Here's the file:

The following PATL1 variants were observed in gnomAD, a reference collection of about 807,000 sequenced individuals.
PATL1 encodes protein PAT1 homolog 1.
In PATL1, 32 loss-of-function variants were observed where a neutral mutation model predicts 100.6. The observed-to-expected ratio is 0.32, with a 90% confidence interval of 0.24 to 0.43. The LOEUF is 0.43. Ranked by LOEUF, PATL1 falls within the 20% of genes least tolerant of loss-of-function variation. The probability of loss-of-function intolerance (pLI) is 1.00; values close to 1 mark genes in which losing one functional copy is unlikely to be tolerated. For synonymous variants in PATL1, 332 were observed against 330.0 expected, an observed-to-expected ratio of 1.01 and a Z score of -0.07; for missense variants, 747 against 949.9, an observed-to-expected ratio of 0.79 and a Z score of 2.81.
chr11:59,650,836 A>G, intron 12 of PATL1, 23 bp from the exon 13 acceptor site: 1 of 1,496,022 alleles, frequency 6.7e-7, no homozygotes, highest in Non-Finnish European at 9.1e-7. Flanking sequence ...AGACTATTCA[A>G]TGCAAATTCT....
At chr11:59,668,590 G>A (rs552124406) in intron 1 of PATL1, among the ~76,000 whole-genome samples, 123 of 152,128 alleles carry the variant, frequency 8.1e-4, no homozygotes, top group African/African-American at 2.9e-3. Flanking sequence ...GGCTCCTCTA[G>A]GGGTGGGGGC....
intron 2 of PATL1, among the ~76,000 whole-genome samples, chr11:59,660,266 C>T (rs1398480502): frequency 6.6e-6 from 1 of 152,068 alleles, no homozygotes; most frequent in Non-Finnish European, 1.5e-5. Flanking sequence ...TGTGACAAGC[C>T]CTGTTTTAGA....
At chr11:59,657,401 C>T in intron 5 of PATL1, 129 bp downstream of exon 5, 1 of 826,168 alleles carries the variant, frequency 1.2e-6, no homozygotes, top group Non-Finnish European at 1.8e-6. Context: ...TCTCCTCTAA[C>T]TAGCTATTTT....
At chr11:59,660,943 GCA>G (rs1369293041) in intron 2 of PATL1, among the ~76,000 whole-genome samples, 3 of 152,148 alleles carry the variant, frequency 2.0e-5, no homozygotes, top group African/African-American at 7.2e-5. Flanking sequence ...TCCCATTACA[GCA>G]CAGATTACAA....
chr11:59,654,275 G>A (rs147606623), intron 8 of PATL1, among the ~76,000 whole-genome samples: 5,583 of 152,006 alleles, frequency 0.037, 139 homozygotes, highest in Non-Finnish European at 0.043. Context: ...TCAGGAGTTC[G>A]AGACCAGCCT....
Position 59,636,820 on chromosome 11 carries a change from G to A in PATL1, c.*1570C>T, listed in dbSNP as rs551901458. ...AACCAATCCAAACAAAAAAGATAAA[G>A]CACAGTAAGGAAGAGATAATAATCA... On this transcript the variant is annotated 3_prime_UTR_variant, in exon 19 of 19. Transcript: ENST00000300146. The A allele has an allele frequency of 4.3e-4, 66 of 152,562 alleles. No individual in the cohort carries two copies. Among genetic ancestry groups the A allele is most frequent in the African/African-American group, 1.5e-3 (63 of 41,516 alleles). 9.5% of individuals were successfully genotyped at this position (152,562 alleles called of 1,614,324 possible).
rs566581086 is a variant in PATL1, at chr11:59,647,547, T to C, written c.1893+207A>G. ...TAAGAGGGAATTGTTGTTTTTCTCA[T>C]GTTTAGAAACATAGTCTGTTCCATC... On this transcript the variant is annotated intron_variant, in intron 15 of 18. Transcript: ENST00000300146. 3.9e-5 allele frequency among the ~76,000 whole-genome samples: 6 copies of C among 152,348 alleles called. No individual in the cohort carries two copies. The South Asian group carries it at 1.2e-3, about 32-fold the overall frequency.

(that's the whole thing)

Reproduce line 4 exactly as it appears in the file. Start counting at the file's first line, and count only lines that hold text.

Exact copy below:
chr11:59,650,836 A>G, intron 12 of PATL1, 23 bp from the exon 13 acceptor site: 1 of 1,496,022 alleles, frequency 6.7e-7, no homozygotes, highest in Non-Finnish European at 9.1e-7. Flanking sequence ...AGACTATTCA[A>G]TGCAAATTCT....